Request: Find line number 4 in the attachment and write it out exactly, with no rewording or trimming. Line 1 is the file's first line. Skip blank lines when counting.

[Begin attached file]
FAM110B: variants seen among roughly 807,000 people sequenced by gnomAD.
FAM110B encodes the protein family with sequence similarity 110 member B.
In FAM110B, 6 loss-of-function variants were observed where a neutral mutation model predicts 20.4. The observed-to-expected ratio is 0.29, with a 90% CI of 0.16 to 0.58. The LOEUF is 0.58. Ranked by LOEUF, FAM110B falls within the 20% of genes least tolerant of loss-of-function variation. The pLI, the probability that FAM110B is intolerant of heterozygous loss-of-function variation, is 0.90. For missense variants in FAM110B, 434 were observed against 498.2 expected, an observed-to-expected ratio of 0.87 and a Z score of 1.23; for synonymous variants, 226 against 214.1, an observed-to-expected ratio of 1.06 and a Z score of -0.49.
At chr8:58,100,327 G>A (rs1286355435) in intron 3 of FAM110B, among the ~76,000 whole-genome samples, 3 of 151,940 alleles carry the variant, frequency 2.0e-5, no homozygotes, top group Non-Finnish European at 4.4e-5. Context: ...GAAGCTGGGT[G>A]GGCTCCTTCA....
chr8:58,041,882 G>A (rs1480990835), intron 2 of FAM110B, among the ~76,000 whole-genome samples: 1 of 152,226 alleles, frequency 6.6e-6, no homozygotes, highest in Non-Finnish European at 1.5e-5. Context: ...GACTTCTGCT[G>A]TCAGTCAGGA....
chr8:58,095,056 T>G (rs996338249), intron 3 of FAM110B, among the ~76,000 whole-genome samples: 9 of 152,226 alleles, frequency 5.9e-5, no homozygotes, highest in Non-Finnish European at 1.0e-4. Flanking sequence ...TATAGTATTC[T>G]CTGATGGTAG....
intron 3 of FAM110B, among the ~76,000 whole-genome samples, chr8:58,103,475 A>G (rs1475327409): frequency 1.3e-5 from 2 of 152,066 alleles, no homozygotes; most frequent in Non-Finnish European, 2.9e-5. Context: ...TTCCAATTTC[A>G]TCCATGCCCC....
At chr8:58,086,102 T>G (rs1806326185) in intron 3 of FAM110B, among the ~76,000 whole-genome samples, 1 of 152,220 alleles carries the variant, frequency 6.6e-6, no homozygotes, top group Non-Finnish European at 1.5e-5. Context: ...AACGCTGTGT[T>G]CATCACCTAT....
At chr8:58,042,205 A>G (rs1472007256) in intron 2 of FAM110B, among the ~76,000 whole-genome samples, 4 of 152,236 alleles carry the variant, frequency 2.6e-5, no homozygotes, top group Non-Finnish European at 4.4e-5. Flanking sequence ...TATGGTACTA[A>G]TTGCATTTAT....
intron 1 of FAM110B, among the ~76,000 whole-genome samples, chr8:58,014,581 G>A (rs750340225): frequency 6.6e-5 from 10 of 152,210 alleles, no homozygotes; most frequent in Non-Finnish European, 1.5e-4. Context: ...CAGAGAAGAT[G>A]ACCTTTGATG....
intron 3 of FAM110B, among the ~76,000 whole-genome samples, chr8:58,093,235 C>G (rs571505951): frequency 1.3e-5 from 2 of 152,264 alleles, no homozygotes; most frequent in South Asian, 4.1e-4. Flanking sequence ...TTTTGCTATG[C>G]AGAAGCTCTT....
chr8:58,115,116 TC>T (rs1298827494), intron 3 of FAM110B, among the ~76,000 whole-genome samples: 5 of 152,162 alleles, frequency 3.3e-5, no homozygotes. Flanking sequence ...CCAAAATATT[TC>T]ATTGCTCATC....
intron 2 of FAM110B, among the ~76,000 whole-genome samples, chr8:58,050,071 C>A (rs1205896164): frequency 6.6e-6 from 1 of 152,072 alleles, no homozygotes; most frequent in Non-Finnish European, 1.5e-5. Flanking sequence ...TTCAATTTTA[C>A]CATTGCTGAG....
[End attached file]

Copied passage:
At chr8:58,100,327 G>A (rs1286355435) in intron 3 of FAM110B, among the ~76,000 whole-genome samples, 3 of 151,940 alleles carry the variant, frequency 2.0e-5, no homozygotes, top group Non-Finnish European at 4.4e-5. Context: ...GAAGCTGGGT[G>A]GGCTCCTTCA....